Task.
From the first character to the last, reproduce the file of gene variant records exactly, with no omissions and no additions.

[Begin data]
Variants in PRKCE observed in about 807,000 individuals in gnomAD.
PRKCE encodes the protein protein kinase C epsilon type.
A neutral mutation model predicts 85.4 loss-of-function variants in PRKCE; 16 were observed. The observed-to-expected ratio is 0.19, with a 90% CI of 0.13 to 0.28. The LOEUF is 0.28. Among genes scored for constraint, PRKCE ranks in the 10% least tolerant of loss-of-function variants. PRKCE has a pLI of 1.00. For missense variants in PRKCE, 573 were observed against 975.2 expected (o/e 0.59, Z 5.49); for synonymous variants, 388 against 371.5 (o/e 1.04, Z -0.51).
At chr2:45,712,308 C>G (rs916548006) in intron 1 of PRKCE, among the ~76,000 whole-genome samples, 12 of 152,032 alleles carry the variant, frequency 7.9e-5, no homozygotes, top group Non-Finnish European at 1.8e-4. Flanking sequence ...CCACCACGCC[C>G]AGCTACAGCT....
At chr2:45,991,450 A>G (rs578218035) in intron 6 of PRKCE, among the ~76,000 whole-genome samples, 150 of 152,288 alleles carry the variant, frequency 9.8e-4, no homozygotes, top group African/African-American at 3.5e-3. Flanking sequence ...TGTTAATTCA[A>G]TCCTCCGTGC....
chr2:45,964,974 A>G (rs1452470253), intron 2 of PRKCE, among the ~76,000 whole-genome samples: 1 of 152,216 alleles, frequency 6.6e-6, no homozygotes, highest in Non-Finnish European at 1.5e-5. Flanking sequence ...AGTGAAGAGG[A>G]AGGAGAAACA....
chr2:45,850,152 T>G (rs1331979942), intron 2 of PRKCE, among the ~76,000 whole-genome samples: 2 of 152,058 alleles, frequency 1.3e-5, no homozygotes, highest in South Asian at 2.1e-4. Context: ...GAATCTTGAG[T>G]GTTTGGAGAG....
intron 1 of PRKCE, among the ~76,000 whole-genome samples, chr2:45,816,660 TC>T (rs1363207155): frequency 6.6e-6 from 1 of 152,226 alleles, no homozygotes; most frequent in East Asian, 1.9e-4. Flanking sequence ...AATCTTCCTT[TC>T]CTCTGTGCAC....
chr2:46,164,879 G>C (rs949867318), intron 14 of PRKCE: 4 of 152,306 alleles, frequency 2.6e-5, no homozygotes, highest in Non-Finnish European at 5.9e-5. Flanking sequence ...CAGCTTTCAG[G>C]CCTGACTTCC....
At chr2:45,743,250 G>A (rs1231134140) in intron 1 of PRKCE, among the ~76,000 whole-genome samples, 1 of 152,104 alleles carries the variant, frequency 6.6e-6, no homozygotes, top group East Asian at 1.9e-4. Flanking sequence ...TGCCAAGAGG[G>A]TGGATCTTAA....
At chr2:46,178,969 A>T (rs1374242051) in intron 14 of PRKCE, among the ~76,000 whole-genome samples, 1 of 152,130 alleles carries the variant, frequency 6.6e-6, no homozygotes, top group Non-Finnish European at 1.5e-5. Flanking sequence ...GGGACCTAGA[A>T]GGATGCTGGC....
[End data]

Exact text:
Variants in PRKCE observed in about 807,000 individuals in gnomAD.
PRKCE encodes the protein protein kinase C epsilon type.
A neutral mutation model predicts 85.4 loss-of-function variants in PRKCE; 16 were observed. The observed-to-expected ratio is 0.19, with a 90% CI of 0.13 to 0.28. The LOEUF is 0.28. Among genes scored for constraint, PRKCE ranks in the 10% least tolerant of loss-of-function variants. PRKCE has a pLI of 1.00. For missense variants in PRKCE, 573 were observed against 975.2 expected (o/e 0.59, Z 5.49); for synonymous variants, 388 against 371.5 (o/e 1.04, Z -0.51).
At chr2:45,712,308 C>G (rs916548006) in intron 1 of PRKCE, among the ~76,000 whole-genome samples, 12 of 152,032 alleles carry the variant, frequency 7.9e-5, no homozygotes, top group Non-Finnish European at 1.8e-4. Flanking sequence ...CCACCACGCC[C>G]AGCTACAGCT....
At chr2:45,991,450 A>G (rs578218035) in intron 6 of PRKCE, among the ~76,000 whole-genome samples, 150 of 152,288 alleles carry the variant, frequency 9.8e-4, no homozygotes, top group African/African-American at 3.5e-3. Flanking sequence ...TGTTAATTCA[A>G]TCCTCCGTGC....
chr2:45,964,974 A>G (rs1452470253), intron 2 of PRKCE, among the ~76,000 whole-genome samples: 1 of 152,216 alleles, frequency 6.6e-6, no homozygotes, highest in Non-Finnish European at 1.5e-5. Flanking sequence ...AGTGAAGAGG[A>G]AGGAGAAACA....
chr2:45,850,152 T>G (rs1331979942), intron 2 of PRKCE, among the ~76,000 whole-genome samples: 2 of 152,058 alleles, frequency 1.3e-5, no homozygotes, highest in South Asian at 2.1e-4. Context: ...GAATCTTGAG[T>G]GTTTGGAGAG....
intron 1 of PRKCE, among the ~76,000 whole-genome samples, chr2:45,816,660 TC>T (rs1363207155): frequency 6.6e-6 from 1 of 152,226 alleles, no homozygotes; most frequent in East Asian, 1.9e-4. Flanking sequence ...AATCTTCCTT[TC>T]CTCTGTGCAC....
chr2:46,164,879 G>C (rs949867318), intron 14 of PRKCE: 4 of 152,306 alleles, frequency 2.6e-5, no homozygotes, highest in Non-Finnish European at 5.9e-5. Flanking sequence ...CAGCTTTCAG[G>C]CCTGACTTCC....
At chr2:45,743,250 G>A (rs1231134140) in intron 1 of PRKCE, among the ~76,000 whole-genome samples, 1 of 152,104 alleles carries the variant, frequency 6.6e-6, no homozygotes, top group East Asian at 1.9e-4. Flanking sequence ...TGCCAAGAGG[G>A]TGGATCTTAA....
At chr2:46,178,969 A>T (rs1374242051) in intron 14 of PRKCE, among the ~76,000 whole-genome samples, 1 of 152,130 alleles carries the variant, frequency 6.6e-6, no homozygotes, top group Non-Finnish European at 1.5e-5. Flanking sequence ...GGGACCTAGA[A>T]GGATGCTGGC....